A second, less performance-centric sub-series of Gladnesses depicts Tót as doubled, such as I am glad if we can look at each other (1971). Art historian Klara Kemp-Welch suggests that these photographs represent the “...self having become subordinate to surface. Both selves are surface.” In the flattening that happens, he assumes what Thomas Strauss, his collaborator of the late 70s, called his “laughing mask,” a logofied visage of permanent mirth regardless of circumstance. Gladness frequently appears in combination with Tót’s other motifs, “I am glad if I can type zeros” or “I am glad if I can type rains,” providing a raison d'être for their obsessive repetitions.
What led you to publishing? How did you begin
printing and publishing your books and multiples?
I learned about printing presses and print opportunities because I was teaching at an industry vocational school and was in touch with a printing house. During this time large printing houses were strictly supervised, so there wasn’t much I could do with these, but I did discover smaller print shops that I could use…
Tót works on view: ZEROS
The Zero in Tót’s work is both counterpart and foil to Gladness, a kind of happy nihilism that pervades Tót’s work of the 70s and seems heir to the disillusionment of 1956’s failed uprising. In a characteristic doubling of Tót, it is a cypher in both senses, the numerical and the cryptographic. It represents nothing, but also serves as a coded language; legible to the neo-Dadaist tendencies of the Fluxus and mail art communities, but opaque and nonsensical to the repressive bureaucracy, to which it is legible only as document, not as artwork. Tót’s zeros take on a variety of forms, often repetitiously typewritten on pages or postcards, other times stamped or printed, and still other times, occupying his demonstration banners and placards, strung into nothing sentences such as “0000 000 00. 00000-0000 000: 000000!”
Along with his own face, the zero would become his totem, the sign of his self-proclaimed Zero Tendency, by which he was recognized in the mail art community, as his ubiquitous Zeropost stamps would attest. Tót’s zero lives as a signifier alongside the great conceptual artist logos of the period, and its iconic nature inspired tributes as far away as San Francisco, where Carl E. Loeffler and Bill “Picasso” Gaglione recorded their own zero sound poem Homage to Endre Tót in 1977. Fluxus member and polymath Ken Friedman argues that Tót’s importance lies in giving “a discrete and particular voice to the emptiness of the void,” a practice in the lineage of Arabic and Indic conceptions of the zero as a key to transcendence. At the very least the zero is the symbol of a universal language, understood across cultures where little else would be.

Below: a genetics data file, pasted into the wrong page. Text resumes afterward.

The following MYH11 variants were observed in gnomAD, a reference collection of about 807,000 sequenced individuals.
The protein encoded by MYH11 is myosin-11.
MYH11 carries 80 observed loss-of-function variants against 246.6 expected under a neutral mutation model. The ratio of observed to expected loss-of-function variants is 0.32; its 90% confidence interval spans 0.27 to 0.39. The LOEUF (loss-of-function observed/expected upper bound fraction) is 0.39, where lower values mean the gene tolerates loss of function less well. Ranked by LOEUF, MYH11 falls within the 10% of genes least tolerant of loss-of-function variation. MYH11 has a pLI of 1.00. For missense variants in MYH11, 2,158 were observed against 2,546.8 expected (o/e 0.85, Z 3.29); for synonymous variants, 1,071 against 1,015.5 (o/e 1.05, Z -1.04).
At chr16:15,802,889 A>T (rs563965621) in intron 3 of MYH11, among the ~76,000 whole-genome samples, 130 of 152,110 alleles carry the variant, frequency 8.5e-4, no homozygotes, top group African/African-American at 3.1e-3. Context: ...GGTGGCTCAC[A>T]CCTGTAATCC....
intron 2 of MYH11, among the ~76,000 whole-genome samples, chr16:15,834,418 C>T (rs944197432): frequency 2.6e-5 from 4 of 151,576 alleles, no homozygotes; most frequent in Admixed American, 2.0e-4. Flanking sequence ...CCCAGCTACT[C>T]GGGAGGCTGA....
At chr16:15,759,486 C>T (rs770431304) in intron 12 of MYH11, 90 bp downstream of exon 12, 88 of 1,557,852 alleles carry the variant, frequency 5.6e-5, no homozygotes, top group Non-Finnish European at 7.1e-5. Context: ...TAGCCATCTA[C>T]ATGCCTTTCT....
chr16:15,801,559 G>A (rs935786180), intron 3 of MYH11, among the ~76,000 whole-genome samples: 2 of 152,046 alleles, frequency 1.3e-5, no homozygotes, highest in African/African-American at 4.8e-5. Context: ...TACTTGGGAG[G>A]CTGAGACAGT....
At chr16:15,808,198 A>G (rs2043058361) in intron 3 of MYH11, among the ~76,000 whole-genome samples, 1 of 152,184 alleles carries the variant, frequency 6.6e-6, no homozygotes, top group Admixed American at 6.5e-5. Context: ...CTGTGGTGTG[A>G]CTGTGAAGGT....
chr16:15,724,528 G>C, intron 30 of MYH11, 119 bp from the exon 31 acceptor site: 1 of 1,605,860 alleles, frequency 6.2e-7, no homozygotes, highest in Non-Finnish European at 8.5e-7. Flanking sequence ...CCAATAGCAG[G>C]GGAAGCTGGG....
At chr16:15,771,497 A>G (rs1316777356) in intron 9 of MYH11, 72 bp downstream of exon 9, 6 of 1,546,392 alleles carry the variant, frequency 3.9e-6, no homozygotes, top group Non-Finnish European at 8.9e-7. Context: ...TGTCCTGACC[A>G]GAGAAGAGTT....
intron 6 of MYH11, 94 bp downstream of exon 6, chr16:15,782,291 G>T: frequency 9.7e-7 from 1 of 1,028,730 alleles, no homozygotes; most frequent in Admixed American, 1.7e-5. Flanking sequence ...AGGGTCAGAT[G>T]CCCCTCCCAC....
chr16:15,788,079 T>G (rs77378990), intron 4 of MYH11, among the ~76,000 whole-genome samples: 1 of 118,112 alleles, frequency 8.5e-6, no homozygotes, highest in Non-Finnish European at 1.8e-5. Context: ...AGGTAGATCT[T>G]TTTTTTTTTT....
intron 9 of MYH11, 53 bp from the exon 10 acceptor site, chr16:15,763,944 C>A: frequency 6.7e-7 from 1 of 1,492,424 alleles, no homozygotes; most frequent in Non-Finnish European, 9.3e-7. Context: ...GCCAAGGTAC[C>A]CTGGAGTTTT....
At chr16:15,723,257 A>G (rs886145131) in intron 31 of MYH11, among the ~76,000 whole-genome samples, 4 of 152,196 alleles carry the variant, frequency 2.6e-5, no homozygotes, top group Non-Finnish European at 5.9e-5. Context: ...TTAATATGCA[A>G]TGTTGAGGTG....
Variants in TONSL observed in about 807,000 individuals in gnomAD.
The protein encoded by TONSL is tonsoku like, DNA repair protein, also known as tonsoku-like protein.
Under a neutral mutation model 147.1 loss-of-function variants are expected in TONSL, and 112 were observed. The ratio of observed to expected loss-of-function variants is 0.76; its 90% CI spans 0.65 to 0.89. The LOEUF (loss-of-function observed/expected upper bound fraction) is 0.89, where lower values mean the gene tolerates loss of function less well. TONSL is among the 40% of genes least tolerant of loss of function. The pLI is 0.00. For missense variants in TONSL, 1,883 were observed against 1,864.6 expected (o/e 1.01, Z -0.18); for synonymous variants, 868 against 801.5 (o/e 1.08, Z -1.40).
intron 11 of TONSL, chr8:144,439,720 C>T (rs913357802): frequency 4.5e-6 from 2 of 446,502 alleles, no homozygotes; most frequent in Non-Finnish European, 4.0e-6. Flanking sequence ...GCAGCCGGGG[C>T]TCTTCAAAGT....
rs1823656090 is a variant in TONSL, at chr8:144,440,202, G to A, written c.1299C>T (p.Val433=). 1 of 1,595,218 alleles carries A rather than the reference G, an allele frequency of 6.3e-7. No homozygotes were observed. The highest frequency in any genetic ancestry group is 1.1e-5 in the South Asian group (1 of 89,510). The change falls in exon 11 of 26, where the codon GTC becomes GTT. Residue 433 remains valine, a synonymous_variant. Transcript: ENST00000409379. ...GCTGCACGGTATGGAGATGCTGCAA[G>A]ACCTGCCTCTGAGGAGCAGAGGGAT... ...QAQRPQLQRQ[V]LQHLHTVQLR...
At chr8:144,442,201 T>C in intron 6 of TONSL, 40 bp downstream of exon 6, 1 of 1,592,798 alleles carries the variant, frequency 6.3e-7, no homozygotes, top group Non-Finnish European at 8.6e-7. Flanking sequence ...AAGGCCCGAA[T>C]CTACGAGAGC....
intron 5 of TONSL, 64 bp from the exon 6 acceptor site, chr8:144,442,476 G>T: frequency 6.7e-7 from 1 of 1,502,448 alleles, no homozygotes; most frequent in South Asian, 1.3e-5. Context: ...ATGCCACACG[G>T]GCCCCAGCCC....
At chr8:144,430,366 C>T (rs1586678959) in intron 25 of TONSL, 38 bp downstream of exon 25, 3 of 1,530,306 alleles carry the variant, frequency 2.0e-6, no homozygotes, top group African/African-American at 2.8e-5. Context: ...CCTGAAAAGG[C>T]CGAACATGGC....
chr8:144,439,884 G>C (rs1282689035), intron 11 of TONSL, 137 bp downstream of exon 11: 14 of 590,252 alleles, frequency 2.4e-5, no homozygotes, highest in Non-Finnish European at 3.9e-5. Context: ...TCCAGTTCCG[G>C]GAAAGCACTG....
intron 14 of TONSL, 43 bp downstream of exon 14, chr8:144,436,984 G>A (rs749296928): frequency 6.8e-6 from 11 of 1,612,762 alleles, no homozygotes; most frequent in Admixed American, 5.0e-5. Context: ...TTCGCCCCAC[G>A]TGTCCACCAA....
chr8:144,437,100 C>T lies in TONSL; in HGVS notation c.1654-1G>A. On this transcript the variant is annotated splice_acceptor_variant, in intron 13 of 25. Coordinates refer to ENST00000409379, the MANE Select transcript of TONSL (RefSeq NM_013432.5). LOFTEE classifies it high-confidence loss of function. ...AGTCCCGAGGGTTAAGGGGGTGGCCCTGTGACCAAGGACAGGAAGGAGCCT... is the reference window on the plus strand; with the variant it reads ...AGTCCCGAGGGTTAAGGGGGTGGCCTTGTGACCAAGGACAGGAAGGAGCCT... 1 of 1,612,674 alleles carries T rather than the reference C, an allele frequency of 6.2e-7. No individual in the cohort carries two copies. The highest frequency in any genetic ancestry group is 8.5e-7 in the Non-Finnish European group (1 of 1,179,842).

Darling Green thanks the generous lenders, friends and actors who have made this show possible:
Endre Tót, Kata Balázs and András Heszky, acb Gallery, Budapest; Jay Cantor and Stella Cilman, Artists Space; Beth Rudin DeWoody; György Galántai and Emese Kürti, ArtPool Art Research Center; John Armleder, Benoit Charron and Julien Fronsacq, Ecart Archive, MAMCO, Geneva; Allison Chomet and Nicholas Martin, Fales Libray, NYU; Péter Farkas; Picasso Gaglione and Darlene Domel; Niels Lomholt; Neon Gallery, Budapest; Stephen Perkins; Keith Gray, Hannah Marshall, and Max Schumann, Printed Matter; Mark Bloch; Laura Donohue; Ben DuVall; Alice Centamore, Emily Harvey Foundation; Fabian Farkas; Peter Frank; Ken Friedman; Rose Gold; Wendy Grogan; Orsolya Hegedüs; David Horvitz; Jeremy Johnston; Adam Katyi; Klara Kemp- Welch; Cyrus Lewis; Emily Makert; Tom Marioni; Barbara Moore; Peter Nesbett; Esa Nickle, Performa; Géza Perneczky; Maria Ilario, Ray Johnson Estate; Adrienne Rodewaldt; Stephen Russell; Elizabeth Riordan, Timothy Shipe and Giselle Simon, Sackner Archive, University of Iowa; Kate Sullivan; András Szántó; Jasmina Tumbas; Patrick Urwyler